MEMPHIS, Tenn. — Memphis and surrounding areas were placed under a flash flood warning Tuesday after severe storms moved into the Mid-South.
Traffic in both directions was at a standstill for nearly three hours on I-55 between Crump and McLemore due to flooding.
Daryl Nowley is a trucker from Collierville and his delivery to Austin, Texas is now going to be behind after he was stuck in traffic on I-55 Tuesday morning.
“I was going to deliver today but that probably won’t happen,” Nowley said. “It got slow by the water. I guess the water was high. Cars were backing up and turning around. I thought that was it.”
TDOT Community Relations Officer Nichole Lawrence said construction in the area is partly to blame.
“Whether there was concrete barrier railing or not, it could’ve very well been backed up because of the amount of rain we got in such a short period of time,” Lawrence said.
She said the concrete barrier rails set up for the construction on I-55 have spaces under them to allow water to flow. However, Lawrence said those spaces were overwhelmed by the rainfall.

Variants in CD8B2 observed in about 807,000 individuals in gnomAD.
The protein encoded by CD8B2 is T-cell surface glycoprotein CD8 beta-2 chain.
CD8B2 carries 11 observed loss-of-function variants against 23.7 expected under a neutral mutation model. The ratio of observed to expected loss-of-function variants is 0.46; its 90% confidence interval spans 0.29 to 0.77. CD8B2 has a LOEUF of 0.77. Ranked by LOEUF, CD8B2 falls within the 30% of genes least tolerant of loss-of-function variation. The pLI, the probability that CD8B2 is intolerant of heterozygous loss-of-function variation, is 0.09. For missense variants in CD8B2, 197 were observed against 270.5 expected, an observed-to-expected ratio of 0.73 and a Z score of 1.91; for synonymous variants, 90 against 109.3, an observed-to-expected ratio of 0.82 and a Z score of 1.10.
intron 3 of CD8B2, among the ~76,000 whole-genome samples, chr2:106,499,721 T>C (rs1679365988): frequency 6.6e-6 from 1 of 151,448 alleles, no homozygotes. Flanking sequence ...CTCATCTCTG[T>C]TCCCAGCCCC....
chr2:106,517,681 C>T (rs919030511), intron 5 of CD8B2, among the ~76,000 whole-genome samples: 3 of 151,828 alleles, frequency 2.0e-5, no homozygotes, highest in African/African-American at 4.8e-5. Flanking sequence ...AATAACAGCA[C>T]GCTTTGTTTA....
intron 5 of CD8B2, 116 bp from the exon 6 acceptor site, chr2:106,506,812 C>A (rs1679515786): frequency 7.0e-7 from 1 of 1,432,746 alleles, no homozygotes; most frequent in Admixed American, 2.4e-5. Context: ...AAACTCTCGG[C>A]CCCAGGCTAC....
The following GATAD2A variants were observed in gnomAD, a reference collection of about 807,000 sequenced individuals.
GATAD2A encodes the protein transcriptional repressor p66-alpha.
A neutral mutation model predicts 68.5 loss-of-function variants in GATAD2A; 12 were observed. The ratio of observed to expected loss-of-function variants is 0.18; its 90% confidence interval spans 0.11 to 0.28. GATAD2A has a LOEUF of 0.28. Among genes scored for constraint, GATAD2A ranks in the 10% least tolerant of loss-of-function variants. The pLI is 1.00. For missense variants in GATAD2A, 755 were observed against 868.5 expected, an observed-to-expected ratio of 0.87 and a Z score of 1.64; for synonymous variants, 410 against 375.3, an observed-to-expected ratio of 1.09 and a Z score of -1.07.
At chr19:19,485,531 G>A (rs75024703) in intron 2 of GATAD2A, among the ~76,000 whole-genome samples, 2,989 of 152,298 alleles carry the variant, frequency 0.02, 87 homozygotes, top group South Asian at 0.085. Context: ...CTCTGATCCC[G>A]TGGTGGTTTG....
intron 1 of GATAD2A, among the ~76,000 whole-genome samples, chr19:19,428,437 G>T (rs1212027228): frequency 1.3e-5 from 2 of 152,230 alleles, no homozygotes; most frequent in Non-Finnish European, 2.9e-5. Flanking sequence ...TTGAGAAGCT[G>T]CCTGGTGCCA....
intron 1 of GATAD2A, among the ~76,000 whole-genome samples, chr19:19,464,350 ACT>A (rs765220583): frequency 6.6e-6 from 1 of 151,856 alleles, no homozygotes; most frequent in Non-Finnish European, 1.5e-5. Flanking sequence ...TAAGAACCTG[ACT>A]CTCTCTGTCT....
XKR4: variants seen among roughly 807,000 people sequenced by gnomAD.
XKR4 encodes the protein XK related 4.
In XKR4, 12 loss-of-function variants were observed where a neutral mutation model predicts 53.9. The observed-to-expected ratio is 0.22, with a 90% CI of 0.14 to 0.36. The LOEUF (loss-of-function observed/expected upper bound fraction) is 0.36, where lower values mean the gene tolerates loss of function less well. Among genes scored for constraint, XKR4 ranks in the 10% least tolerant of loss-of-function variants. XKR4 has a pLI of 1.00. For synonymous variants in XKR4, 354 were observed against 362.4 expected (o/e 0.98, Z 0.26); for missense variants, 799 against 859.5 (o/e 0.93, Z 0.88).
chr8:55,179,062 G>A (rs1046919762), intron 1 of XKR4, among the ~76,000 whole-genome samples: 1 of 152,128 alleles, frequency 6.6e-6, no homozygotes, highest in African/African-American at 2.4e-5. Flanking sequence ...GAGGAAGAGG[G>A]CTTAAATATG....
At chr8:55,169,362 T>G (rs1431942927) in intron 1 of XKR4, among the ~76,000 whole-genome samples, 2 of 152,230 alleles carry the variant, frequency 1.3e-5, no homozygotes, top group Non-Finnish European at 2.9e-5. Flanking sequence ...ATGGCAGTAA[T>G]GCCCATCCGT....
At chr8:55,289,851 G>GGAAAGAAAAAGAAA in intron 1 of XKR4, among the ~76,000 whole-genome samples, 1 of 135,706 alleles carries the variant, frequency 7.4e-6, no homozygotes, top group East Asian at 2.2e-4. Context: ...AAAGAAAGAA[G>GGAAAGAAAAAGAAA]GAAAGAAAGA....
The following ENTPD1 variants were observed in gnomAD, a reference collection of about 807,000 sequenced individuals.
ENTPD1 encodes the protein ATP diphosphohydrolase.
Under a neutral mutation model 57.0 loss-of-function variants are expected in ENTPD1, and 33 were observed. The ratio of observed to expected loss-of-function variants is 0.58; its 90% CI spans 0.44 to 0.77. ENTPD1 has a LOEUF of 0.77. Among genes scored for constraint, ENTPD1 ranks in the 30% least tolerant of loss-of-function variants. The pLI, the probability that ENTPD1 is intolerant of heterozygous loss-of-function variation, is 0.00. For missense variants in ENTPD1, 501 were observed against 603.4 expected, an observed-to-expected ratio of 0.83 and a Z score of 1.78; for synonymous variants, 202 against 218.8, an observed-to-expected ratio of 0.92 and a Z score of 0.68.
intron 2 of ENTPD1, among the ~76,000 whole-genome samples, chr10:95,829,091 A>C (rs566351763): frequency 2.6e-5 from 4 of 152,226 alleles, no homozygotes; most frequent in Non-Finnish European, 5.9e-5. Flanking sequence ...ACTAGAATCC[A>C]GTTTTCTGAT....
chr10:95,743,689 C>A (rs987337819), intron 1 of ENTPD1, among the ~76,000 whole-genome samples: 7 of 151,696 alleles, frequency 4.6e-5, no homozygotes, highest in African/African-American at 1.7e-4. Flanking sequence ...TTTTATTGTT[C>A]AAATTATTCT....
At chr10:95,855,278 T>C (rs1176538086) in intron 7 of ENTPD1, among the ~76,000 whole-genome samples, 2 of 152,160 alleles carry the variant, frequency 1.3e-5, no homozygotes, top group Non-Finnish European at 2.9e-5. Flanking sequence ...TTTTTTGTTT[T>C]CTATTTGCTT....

“Once we saw it was flowing, we started looking at different areas throughout the construction zone to see where it was ponding the most and that’s where they decided that they would make some adjustments with the concrete barrier rail,” Lawrence said.
Heavy rainfall and flooding in other areas throughout the city caused some drivers to abandon their cars in the middle of the road.
“You couldn’t see anything as far as the rain, like I said this area here is trash everywhere, and the drain holes and it’s a problem,” Jestin Powell said.
Powell was taking his four children to school when suddenly his car got stuck in the flood near Lamar Avenue.
The rising water left a rise of concerns. Without the city stepping in to remove this trash, the debris could once again clog the drainage system – resulting in something similar.
“The rain comes down so hard and so fast that our drain systems can’t keep up,” Lawrence said.
Lawrence said that TDOT officials will be meeting over the next couple of weeks to see where they can make changes or move barriers to prevent delays from happening again.